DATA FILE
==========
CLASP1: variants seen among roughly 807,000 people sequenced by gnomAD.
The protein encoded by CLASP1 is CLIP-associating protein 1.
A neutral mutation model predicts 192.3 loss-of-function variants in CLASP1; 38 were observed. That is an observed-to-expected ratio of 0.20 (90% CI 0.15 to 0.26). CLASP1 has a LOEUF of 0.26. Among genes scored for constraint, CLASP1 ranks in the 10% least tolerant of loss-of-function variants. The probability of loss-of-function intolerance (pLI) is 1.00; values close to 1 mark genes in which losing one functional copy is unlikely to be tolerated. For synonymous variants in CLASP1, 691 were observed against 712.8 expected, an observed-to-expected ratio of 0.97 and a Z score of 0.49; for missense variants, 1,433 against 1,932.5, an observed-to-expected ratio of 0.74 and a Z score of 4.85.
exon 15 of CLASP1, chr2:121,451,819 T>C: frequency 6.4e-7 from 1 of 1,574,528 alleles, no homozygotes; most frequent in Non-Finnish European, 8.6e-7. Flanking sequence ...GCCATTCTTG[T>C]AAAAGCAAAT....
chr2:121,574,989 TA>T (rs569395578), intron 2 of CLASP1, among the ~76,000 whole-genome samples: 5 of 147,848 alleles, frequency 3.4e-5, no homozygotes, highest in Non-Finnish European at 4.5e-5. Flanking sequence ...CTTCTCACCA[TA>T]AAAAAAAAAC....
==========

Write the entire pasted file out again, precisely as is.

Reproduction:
CLASP1: variants seen among roughly 807,000 people sequenced by gnomAD.
The protein encoded by CLASP1 is CLIP-associating protein 1.
A neutral mutation model predicts 192.3 loss-of-function variants in CLASP1; 38 were observed. That is an observed-to-expected ratio of 0.20 (90% CI 0.15 to 0.26). CLASP1 has a LOEUF of 0.26. Among genes scored for constraint, CLASP1 ranks in the 10% least tolerant of loss-of-function variants. The probability of loss-of-function intolerance (pLI) is 1.00; values close to 1 mark genes in which losing one functional copy is unlikely to be tolerated. For synonymous variants in CLASP1, 691 were observed against 712.8 expected, an observed-to-expected ratio of 0.97 and a Z score of 0.49; for missense variants, 1,433 against 1,932.5, an observed-to-expected ratio of 0.74 and a Z score of 4.85.
exon 15 of CLASP1, chr2:121,451,819 T>C: frequency 6.4e-7 from 1 of 1,574,528 alleles, no homozygotes; most frequent in Non-Finnish European, 8.6e-7. Flanking sequence ...GCCATTCTTG[T>C]AAAAGCAAAT....
chr2:121,574,989 TA>T (rs569395578), intron 2 of CLASP1, among the ~76,000 whole-genome samples: 5 of 147,848 alleles, frequency 3.4e-5, no homozygotes, highest in Non-Finnish European at 4.5e-5. Flanking sequence ...CTTCTCACCA[TA>T]AAAAAAAAAC....